Well, in reality, I really couldn't care less about his children. My questioning was more theoretical: How can "a parent" not feel the need to have their infant strapped in? He has answered my question: He doesn't feel that seatbelts add a meaningful safety advantage. Fair.

For those that DO believe seatbelts add a meaningful safety advantage, I wonder how they can justify not giving that safety advantage to their babies...
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Old Aug 18, 07, 11:27 am   #40
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Originally Posted by BenjaminNYC View Post
Well, in reality, I really couldn't care less about his children. My questioning was more theoretical: How can "a parent" not feel the need to have their infant strapped in? He has answered my question: He doesn't feel that seatbelts add a meaningful safety advantage. Fair.

For those that DO believe seatbelts add a meaningful safety advantage, I wonder how they can justify not giving that safety advantage to their babies...
It's the same calculation, Benjamin. Cost > safety/convenience benefit (on short flights anyway; on a long haul, I agree with all the others that getting a seat for junior is the only way to go). We all make calculations on this basis. I believe you've posted in an OMNI thread recently about how you are comfortable with speeding on the highway. Obviously you've made a calculation that the cost of doing so in fuel economy and the risk of doing so in exacerbating the consequences of a collision and shortening your reaction time in the event of an unexpected event (blowout, erratic driving by another driver, etc.) are worth the benefit of saving time in getting from point A to B. For what it's worth, I and my lead foot have basically made the same choice. But again, let's not pretend that the cost-benefit analysis with regard to buying a seat for an infant versus saving money and bringing the kid along as a lap child is any different at its heart.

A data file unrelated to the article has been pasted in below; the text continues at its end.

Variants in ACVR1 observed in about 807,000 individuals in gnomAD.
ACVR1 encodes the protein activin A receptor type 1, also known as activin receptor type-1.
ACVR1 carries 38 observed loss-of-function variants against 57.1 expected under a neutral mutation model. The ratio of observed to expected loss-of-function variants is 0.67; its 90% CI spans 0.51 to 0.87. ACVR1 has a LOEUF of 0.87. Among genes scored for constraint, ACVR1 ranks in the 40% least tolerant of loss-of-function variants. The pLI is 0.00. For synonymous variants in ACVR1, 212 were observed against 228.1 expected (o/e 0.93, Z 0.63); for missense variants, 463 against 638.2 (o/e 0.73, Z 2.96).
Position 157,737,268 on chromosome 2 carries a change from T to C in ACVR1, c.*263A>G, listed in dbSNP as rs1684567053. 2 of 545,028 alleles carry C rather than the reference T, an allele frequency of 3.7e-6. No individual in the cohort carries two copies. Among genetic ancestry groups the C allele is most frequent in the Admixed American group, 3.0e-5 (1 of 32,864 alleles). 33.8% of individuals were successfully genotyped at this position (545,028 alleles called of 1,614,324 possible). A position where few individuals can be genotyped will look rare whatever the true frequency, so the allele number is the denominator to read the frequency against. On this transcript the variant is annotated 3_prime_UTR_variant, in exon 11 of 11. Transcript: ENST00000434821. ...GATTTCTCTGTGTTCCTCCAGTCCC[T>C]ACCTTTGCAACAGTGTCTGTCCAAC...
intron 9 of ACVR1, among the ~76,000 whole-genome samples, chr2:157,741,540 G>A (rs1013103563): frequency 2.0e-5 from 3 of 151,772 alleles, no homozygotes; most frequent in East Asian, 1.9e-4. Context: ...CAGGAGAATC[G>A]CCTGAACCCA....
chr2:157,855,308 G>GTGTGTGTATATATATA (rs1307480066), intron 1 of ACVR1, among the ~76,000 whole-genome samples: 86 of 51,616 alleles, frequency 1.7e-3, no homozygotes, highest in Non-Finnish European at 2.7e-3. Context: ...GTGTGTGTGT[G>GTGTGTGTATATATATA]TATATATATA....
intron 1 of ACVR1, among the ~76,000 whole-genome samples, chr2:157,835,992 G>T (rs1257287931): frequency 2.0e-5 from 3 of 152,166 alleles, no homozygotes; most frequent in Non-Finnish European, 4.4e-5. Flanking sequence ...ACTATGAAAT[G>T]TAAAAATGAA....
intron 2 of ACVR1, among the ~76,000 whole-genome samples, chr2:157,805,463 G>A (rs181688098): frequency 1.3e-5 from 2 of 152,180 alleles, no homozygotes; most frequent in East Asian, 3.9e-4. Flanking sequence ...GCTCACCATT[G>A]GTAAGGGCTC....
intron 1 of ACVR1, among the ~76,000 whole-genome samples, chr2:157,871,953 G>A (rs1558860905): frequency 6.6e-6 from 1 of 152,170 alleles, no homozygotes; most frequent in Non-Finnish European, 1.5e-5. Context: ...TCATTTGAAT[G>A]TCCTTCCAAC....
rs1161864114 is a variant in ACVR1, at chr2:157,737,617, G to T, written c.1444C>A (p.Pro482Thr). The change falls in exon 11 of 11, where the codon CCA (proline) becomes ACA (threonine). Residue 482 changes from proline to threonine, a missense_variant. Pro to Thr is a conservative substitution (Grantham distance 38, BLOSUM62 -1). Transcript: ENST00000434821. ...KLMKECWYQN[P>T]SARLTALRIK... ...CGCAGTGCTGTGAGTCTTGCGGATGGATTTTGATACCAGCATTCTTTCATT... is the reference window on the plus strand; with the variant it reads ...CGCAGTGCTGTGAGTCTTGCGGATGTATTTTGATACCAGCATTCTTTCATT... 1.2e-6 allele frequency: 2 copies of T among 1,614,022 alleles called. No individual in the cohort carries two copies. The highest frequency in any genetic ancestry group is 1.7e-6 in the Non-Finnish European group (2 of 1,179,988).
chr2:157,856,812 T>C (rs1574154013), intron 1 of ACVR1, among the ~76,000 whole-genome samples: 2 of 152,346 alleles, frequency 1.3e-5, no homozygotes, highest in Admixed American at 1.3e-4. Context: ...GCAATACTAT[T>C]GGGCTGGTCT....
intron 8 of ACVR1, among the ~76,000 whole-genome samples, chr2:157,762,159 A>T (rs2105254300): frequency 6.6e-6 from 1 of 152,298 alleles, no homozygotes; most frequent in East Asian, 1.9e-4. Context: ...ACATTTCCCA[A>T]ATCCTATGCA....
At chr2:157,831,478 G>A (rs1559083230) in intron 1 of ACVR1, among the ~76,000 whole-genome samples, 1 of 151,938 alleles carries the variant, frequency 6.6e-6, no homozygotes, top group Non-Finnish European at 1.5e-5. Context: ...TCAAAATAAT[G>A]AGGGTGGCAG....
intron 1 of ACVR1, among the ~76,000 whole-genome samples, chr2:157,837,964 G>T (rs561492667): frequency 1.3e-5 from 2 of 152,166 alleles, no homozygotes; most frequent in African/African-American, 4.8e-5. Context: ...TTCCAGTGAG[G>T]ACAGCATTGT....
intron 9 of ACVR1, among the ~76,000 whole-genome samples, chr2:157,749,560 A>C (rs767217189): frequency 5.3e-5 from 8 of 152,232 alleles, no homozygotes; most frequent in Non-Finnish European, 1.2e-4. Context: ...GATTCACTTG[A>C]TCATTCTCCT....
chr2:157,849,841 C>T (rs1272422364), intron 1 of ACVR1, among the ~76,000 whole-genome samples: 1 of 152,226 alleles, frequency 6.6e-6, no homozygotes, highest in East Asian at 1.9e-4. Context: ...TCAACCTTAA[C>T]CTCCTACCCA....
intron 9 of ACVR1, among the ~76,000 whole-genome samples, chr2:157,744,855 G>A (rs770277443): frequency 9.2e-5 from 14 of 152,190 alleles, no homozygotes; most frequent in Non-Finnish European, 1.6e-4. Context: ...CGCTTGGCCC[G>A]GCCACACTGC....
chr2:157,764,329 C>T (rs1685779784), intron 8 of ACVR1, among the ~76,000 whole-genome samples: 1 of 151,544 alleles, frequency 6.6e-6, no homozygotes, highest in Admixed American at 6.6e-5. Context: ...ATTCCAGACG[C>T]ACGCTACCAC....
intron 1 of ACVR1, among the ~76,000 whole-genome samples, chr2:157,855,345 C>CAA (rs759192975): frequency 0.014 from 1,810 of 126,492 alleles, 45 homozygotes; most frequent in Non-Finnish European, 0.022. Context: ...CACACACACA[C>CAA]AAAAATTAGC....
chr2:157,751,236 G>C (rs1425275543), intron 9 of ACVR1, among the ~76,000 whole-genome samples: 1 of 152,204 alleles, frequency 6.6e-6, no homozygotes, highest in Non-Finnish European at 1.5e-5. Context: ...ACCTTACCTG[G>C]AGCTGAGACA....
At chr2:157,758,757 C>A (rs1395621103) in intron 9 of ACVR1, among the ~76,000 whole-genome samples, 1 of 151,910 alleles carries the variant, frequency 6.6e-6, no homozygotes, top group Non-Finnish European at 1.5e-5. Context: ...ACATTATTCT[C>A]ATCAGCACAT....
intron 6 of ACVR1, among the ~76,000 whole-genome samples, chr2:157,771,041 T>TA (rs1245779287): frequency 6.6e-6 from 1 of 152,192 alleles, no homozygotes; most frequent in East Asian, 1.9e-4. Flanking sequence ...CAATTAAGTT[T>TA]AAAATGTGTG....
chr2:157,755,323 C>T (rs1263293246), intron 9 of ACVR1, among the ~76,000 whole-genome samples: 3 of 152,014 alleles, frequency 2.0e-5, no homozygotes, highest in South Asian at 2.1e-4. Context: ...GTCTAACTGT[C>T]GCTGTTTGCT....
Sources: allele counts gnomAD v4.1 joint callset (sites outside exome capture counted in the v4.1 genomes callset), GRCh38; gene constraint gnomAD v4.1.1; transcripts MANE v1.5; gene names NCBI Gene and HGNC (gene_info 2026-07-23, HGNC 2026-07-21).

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Old Aug 18, 07, 11:40 am   #41
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Originally Posted by BenjaminNYC View Post
Well, in reality, I really couldn't care less about his children. My questioning was more theoretical: How can "a parent" not feel the need to have their infant strapped in?

For those that DO believe seatbelts add a meaningful safety advantage, I wonder how they can justify not giving that safety advantage to their babies...
Of course the child that is not strapped in is not floating freely in the cabin, subject to the whims of gravity and turbulence. Perhaps it is not the seatbelt, specifically, that helps the passenger in these cases, but the general concept of a restraint system. Well, the kid has that, too- the arms of the parent. Sure, this is not going to help in a crash...but then they're all going to be dead, so it's irrelevant. I daresay, though, that just about anyone can hold the child as safely as the seatbelt in just about all other cases.